Acts 2:1–4 The flames separated and settled on each of them…. Ten years ago at this time I was on a retreat at Our Lady of Solitude in the Sonoran Desert in Arizona. During most of my three and a half weeks at OLS, the only other retreatant was an abbess on sabbatical from her convent in India. She and I spent much of each day together in silence in the chapel. One day she looked at me knowingly and pointed to the now flowering ocotillo plant outside the chapel window. “It’s almost Pentecost,” she said. “Those flowers remind me of flames.” The anticipation of Pentecost in the middle of one of the hardest years of my life. Spring in the desert during an El Niño year. Flowers like flames. The director of OLS when I was there, Sister Therese Sedlock, has since passed away, and OLS is now the […]
Acts 1:9–11 Jesus rose from the dead (Easter), appeared to various people over the course of forty-plus days (the Easter season), ascended into heaven (Ascension), then sent the Holy Spirit to those he had left behind (Pentecost)—a series of terrifying, beautiful surprises. Today is the sixth Saturday of Easter; Thursday was Ascension Day; Pentecost is in eight days. We’re in the middle of all this crazy new life. The bulbs I planted in December put up a few flowers and are now reduced to drooping green stalks, but … the wild irises outside my office window are rioting. There are six flowers out there this morning. Go figure.
John 14:9 Jesus answered, “Don’t you know me, Philip, even after I have been among you such a long time? Anyone who has seen me has seen the Father.” During the long silence that followed the reading of John 14:1–14 this morning at St. Cuthbert’s, I found myself wondering exactly what Jesus meant when he said that anyone who has seen him has seen God. In Exodus 33:20, God tells Moses that no one may see God’s face and live. So gazing at Jesus, we are able to gaze upon what would otherwise kill us. Looking at Jesus, really seeing him, is a way to pass down an otherwise deadly corridor; a way to reach the true, eternal, mysterious, awesome, hidden Source of Life. What actions, then, do I feel God calling me to take? Gaze more often at Jesus as he is described in the gospels … read the […]
I’m grateful that the Easter season lasts for 50 days. I didn’t go to church on Easter—I wouldn’t have been able to take it all in. (Maybe that’s why I didn’t feel like going this year. Too big a disconnect: the agonizingly slow growth of rooted faith on one hand, and the fast-blooming cheerfulness of an Easter Sunday church service on the other.) Some of the bulbs I planted are flowering. It’s a scrappy, messy affair; unpredictable, earthy, and with mixed results. But maybe that’s how faith is anyway.
John 11:1–45 v. 37: But some of them said, “Could not he who opened the eyes of the blind man have kept this man from dying?” It’s the fifth Sunday in Lent, and the first anniversary of my dad’s death. The story of Lazarus’s death and resurrection (or resuscitation?) was very alive to me during March of last year. Here is an excerpt from my journal. March 15, 2007 The heading for this section in my bible is “Jesus Comforts the Sisters.” I just crossed it out. I don’t think your deepest intention and hope for them here is that they be comforted. Comfort is so little compared to whatever it is you’re really driving at in your interactions with them. No, you are not bringing COMFORT to the sisters—COMFORT would have been showing up a week earlier and sparing them Lazarus’s death scene, embalming, burial, and their own grieving, […]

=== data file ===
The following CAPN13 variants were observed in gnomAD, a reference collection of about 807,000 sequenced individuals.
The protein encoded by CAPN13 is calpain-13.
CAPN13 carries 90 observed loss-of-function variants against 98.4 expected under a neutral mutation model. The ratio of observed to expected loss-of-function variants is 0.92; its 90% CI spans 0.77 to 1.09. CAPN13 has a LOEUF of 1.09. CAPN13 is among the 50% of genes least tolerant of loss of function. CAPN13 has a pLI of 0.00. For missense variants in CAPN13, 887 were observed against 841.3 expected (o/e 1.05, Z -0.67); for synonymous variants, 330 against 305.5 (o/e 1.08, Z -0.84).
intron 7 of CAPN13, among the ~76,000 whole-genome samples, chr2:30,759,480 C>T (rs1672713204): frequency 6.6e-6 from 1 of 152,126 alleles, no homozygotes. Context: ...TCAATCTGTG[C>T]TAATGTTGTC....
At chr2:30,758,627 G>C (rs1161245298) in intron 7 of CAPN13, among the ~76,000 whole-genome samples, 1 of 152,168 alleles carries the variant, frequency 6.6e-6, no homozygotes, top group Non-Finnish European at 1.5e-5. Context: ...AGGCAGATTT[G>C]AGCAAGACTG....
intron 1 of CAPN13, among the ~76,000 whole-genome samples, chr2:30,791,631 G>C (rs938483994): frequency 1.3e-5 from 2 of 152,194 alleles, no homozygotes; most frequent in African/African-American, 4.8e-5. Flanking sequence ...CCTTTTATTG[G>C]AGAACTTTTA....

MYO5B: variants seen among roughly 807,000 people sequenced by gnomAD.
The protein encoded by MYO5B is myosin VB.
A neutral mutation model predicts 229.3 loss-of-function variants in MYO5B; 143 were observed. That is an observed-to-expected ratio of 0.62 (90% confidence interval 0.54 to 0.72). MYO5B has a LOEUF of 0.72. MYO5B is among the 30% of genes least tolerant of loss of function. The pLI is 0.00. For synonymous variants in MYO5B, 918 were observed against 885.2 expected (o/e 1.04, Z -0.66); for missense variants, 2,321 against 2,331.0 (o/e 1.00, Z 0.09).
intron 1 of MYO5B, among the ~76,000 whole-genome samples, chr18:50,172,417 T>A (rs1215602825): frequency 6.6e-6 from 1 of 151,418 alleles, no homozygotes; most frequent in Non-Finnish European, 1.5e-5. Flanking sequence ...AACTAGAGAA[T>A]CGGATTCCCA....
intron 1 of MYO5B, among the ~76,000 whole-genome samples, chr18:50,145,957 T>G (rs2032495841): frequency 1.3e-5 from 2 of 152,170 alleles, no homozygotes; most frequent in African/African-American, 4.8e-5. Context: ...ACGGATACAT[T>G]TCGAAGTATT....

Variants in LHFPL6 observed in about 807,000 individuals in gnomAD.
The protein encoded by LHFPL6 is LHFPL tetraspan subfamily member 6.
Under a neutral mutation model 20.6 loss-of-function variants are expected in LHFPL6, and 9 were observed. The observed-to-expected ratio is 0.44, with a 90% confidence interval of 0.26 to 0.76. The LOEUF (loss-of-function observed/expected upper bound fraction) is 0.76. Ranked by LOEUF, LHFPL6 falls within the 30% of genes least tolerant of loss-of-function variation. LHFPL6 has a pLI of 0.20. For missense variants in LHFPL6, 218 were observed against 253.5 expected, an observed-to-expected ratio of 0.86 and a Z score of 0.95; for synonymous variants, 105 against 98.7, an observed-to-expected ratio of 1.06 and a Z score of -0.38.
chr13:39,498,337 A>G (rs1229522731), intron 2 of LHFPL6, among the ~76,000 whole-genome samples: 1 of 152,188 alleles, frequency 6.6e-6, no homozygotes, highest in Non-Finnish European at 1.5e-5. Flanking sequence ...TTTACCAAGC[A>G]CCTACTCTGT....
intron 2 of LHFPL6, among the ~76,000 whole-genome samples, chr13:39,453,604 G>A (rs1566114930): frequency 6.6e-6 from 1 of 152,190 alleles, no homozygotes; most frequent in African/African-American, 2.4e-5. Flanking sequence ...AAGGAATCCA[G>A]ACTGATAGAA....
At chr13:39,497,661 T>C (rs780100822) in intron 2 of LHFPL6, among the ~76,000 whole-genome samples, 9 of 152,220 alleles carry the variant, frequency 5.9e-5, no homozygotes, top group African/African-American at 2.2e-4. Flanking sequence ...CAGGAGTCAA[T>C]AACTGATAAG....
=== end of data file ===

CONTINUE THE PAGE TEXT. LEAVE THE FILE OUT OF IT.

Psalm 51:6 Behold, You desire truth in the inner being; make me therefore to know wisdom in my inmost heart. In The People’s Companion to the Breviary, Psalm 51 comes up not only on days like Ash Wednesday, but every Friday morning, rain or shine. The Carmelites of Indianapolis, who created the People’s Companion, phrase verse 6 like this: “For you desire truth in my innermost being; teach me wisdom in the depths of my heart.” I have prayed this prayer many, many times. As I figure it, because God desires truth in my innermost being, God is willing to teach me wisdom. This is a prayer I would expect God to answer. Am I any closer to an answer? I don’t know, but I do continue to see my need to make the request. To see and act on deep truths that are revealed by growing self-awareness and awakeness—this […]
John 20:1 On Sunday morning while it was still dark, Mary Magdalene went to the tomb and saw that the stone had been rolled away from the entrance. 11–12 Mary Magdalene stood crying outside the tomb. She was still weeping when she stooped down and saw two angels inside. 14–15 [Mary] turned around and saw Jesus standing there. But she did not know who he was. Jesus asked her, “Why are you crying? Who are you looking for?” 18 Mary Magdalene then went and told the disciples that she had seen the Lord. She saw. In the darkness of night, in the darkness of a tomb, and in the darkness of confusion and grief, she saw. How does that work? —> I’m beckoned into the darkness —> I’m awakened to a sight —> perhaps, with grace, I’m led to a dim recognition of what it is I’m seeing (epiphany!) —> […]
Matthew 2:1–12 When they saw that the star had stopped, they were overwhelmed with joy. (NRSV) Sometimes the Epiphany holds still, and we can catch up with it.
John 20:22 And when He had said this, He breathed on them and said unto them, “Receive ye the Holy Ghost. I planted bulbs about a month ago, and this photo shows four tiny shoots above the ground. Can you see them? I can, but only because I have felt them with my fingertips. It dropped below freezing last week, which is rare for us, and I worried. But then I remembered that bulbs can survive much worse.